When you make an investment, you want to realize the best return on that investment. The same goes with employee benefits. Benefits are a significant investment in your workforce and, as such, you want to make sure that employees get the most value from those benefits.
A strong open enrollment communication plan is a huge part of making that happen. Targeting the right employees with the right message helps to bridge the gap between the benefits offering and employees' understanding of the benefits offering. But for the right message to truly resonate with the right employees, they have to be conveyed the right way—i.e., you've got to determine the most effective tactics for your open enrollment communication plan.
So just how do you know which tactics to use?
In marketing, we have several metrics we use to gauge how successful our tactics are, and just like anything else, we want to get the most bang for our buck. So, we start with an Impact vs. Effort Matrix, an exercise that helps compare tactics based on the level of effort or cost involved versus their impact or effectiveness.
As you plan for open enrollment, use the following steps as a guide to determine how to get your message across with the most effective tactics:
Step 1: Assemble your team
Whenever you undertake a new project or initiative, it requires collective brainpower and buy-in from your team. It’s also helpful to get the support from a cross-functional group, such as your internal communications team, colleagues that work in other areas of HR and even senior leadership.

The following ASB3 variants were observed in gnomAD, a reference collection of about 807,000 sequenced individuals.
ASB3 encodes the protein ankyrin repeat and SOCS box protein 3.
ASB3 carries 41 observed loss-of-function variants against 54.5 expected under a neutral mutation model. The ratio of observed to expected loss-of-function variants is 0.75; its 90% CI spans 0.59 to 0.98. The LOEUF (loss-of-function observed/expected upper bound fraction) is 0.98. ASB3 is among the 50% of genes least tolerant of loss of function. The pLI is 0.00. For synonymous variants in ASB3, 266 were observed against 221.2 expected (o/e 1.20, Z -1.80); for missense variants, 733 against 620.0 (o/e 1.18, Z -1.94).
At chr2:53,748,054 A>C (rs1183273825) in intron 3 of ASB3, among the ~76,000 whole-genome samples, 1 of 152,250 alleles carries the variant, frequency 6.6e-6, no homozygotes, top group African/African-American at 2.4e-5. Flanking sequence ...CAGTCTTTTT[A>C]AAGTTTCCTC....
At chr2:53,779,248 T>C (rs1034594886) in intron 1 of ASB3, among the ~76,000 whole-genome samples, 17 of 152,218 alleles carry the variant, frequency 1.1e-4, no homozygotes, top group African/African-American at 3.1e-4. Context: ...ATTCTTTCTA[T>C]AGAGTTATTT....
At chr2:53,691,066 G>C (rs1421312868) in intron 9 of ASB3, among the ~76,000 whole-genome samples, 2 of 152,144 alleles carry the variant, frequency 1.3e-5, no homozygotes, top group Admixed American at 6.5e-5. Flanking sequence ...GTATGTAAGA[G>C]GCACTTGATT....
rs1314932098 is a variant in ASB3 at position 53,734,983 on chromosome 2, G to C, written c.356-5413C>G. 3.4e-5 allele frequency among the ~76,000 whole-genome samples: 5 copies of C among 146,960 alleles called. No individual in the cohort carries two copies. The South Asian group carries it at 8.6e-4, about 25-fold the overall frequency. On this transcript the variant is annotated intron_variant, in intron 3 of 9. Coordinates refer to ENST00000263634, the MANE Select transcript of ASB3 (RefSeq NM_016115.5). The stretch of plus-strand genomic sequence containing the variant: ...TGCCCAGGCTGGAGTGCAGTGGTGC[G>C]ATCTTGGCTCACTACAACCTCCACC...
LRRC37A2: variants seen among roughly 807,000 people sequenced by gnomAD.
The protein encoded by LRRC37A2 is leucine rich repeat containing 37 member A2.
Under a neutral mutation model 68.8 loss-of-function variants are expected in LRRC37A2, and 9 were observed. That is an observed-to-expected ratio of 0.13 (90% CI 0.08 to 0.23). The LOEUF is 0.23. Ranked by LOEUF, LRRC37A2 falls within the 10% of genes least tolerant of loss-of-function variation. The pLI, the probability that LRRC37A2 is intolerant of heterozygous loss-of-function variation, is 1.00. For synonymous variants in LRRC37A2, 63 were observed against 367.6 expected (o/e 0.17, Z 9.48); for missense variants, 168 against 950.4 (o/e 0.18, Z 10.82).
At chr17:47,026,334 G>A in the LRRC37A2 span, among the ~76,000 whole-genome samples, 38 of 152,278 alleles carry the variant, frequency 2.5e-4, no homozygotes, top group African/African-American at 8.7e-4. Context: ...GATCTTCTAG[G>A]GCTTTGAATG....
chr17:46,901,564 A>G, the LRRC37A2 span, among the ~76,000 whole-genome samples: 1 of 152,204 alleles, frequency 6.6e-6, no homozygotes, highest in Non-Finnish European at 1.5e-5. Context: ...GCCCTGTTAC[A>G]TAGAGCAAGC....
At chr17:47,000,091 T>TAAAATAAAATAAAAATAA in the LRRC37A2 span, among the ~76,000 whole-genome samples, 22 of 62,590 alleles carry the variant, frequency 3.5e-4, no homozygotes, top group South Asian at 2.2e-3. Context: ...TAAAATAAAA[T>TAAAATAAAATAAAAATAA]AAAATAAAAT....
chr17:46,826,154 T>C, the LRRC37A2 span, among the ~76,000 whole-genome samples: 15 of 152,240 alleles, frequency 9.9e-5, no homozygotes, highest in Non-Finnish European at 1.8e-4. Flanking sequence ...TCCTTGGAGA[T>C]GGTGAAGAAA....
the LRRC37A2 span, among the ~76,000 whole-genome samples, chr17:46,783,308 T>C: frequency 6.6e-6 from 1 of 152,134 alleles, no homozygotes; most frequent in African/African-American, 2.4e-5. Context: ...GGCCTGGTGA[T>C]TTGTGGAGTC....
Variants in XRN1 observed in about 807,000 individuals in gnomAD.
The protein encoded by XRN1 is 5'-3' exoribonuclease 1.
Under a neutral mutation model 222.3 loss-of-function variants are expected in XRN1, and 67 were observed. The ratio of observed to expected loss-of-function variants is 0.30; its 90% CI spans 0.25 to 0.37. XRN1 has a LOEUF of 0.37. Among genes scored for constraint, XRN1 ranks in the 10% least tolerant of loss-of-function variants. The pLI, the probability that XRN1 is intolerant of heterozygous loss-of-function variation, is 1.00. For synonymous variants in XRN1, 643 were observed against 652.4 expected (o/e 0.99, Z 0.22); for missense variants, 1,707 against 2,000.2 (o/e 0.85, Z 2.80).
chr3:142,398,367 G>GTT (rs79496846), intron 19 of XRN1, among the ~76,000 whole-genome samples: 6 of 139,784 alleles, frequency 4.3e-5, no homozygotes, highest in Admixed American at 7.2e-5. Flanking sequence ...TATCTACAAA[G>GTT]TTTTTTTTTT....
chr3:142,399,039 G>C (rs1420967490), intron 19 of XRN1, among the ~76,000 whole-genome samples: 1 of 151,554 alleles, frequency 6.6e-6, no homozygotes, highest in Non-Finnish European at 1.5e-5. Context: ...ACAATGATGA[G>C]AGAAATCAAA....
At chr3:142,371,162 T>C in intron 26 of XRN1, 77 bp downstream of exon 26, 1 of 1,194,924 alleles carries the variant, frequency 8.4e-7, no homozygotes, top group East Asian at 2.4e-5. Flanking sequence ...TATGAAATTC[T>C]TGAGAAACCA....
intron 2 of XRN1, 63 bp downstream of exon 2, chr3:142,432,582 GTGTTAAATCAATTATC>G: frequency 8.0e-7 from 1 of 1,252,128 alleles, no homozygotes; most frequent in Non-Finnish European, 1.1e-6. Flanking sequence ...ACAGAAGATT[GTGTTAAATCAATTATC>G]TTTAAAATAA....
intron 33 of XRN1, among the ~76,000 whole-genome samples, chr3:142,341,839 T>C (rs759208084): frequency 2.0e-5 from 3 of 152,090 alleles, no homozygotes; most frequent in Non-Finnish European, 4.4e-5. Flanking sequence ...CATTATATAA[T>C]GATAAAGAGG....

A well-executed open enrollment communication plan starts with bringing together the right group of people to align with and build out that plan.
Step 2: Brainstorm a list of potential tactics
If your overall open enrollment communication strategy is the “how,” think of tactics as the “what.” What will you do?
Basically, your tactics are the communication channels you’ll use to reach your various audiences. For each audience within your workforce, there may be several appropriate communication channels. By making your message available in multiple formats, you can engage workers the way they want to be engaged.
Here are some typical communication channels to consider:
- Text messaging
- Print materials (i.e., posters and flyers)
- Social media
- Web pages
- Benefit fairs and other events
- Webinars or teleconference
Put aside any preconceived judgments about which communication channels work and which don't for your employees. This is the time to consider all possibilities.
Step 3: Construct your Impact vs. Effort Matrix
Once you’ve done the preliminary work, it’s now time to construct your own Impact vs. Effort Matrix to help you evaluate your communication tactics and channels.
The upper left quadrant are High Impact/Low Effort tactics. These are also known as “Quick Wins,” tactics that have a far-reaching impact with minimal effort. Quick wins should be prioritized and maximized.